By JOSEPH WILLIAMS | 7/25/11 11:18 PM EDT
To anyone watching the debt ceiling and deficit reduction debate, the scenario that has played out at the Federal Aviation Administration the past few weeks mostly below Washington’s own radar might seem eerily familiar:
The normally routine appropriations process for the agency that oversees the nation’s passenger travel bogs down in a divided Congress because of partisan bickering. Legislative gridlock ensues and urgent warnings are issued about the dangers of failing to act. But in this case, the doomsday clock for passing a bill approving the FAA’s funding hits zero, there is no eleventh-hour solution, and suddenly there are real consequences.
The stalemate that began over a plan by House Republican to slash subsidies to rural airports — and Senate Democrats’ anger over a bill that guts a pro-union mediation ruling — is now costing the government roughly $30 million a day in uncollected taxes. And it led the FAA to furlough thousands of employees in 35 states as well as shut down dozens of much-needed airport projects, like upgraded control towers and expanded runways, just weeks before summer construction season ends.
The snafu over the FAA’s funding led Transportation Secretary Ray LaHood to deliver a tongue-lashing to Congress on Monday that echoed the eat-your-peas scolding his boss, President Barack Obama, gave lawmakers about the debt ceiling impasse just a few weeks ago.
“Congress needs to work out their differences so that 4,000 people can go back to work,” LaHood told reporters on a conference call. “They need to remove the onerous language and provisions and save the debate for another day … We need a bill today. Congress has the ability to do it” and must act immediately.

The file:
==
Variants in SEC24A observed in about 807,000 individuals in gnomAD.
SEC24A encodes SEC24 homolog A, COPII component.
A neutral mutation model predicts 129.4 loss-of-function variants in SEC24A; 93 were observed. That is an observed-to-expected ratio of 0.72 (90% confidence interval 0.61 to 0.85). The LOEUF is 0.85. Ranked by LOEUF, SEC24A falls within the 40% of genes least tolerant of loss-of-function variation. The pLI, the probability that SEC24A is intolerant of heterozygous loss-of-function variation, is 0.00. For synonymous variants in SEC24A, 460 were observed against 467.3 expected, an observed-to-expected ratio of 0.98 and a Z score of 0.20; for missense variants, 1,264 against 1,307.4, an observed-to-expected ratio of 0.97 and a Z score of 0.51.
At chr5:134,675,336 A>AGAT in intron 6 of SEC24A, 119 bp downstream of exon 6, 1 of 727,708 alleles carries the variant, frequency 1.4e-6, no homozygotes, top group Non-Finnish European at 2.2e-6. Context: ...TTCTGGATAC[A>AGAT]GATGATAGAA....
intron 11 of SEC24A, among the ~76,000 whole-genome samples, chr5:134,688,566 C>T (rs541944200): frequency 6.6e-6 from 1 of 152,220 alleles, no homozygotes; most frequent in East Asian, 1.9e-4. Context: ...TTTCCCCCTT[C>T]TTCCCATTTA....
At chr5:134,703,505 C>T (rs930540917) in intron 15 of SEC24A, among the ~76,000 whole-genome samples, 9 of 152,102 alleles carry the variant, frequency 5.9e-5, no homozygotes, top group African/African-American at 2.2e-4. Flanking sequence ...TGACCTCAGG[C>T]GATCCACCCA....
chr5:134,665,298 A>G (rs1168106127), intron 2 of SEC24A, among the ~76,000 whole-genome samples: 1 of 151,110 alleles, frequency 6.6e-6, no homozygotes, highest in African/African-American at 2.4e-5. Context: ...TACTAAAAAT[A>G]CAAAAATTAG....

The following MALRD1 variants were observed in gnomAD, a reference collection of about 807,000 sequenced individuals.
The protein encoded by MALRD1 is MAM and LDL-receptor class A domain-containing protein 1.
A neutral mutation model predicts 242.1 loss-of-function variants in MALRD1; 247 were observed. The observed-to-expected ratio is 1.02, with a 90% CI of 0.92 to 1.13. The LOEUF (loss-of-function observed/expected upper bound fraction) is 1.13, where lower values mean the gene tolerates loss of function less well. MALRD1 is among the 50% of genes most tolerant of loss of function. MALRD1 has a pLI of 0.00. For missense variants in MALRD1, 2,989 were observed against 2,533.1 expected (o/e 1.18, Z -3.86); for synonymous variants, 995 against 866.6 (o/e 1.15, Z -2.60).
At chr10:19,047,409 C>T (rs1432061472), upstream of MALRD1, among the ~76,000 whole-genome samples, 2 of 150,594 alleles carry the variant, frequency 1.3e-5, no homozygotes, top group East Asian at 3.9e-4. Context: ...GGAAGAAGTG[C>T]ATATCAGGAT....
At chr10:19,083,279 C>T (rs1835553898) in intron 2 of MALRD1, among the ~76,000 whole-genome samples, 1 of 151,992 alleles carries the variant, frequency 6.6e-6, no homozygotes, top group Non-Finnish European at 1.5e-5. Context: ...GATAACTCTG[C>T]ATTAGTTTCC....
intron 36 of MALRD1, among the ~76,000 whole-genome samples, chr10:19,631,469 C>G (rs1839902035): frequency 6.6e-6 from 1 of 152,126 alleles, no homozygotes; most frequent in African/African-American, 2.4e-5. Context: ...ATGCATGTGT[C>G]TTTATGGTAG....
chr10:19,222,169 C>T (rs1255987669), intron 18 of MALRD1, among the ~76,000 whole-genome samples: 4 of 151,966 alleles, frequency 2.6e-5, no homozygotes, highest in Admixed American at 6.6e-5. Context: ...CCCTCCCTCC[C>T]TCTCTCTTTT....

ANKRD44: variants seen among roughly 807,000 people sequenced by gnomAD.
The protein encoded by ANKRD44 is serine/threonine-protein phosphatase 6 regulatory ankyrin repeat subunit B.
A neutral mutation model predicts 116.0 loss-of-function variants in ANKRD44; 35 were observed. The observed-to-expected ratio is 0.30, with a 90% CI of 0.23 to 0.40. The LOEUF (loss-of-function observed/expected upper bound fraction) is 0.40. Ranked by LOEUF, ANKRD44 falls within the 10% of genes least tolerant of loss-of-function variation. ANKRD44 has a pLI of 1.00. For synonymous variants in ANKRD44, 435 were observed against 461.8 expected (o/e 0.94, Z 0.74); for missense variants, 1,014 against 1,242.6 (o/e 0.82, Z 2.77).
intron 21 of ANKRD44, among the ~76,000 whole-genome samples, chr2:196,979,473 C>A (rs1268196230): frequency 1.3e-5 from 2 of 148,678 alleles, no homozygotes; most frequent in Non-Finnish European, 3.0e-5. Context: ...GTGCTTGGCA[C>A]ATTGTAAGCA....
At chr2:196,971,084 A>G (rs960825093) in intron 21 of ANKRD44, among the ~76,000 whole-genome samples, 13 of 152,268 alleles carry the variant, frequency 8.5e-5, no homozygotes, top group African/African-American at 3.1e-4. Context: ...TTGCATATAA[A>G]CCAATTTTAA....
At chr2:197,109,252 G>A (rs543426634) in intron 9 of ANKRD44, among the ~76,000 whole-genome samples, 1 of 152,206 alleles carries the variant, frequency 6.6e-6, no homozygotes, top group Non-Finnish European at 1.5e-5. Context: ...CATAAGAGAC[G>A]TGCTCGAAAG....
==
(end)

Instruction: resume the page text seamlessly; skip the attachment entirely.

But there’s no solution in sight. Both Democrats and Republicans are dug in, blaming one another for playing partisan politics and triggering the shutdown. While LaHood and others say the partial FAA shutdown won’t affect air traffic and safety, analysts say the deadlock puts the nation further behind in badly needed infrastructure upgrades and is costing hundreds of millions in tax revenue — money it may never get back.
“It’s a perfect analogy” to the debt ceiling debate, a sign of “congressional dysfunctionality,” said Andrew Steinberg, a partner in the law firm Jones Day and a former high-ranking FAA administrator and transportation department official under President George W. Bush. “This is the first time lack of passing a [funding] extension has led to the furlough of FAA employees. … It’s a bad situation. It’s not good for the public.”
Long-term funding authority for the FAA, passed during the Bush administration, expired in 2007, and Congress has squabbled over replacing it ever since. Lawmakers have kept the agency’s doors open through a series of 20 short-term extension bills, pro-forma legislation that had never failed to pass — until Friday, when Congress missed the deadline and the FAA partially shut down.
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Read more: http://www.politico.com/news/stories/0711/59875.html#ixzz1TGFoP1VT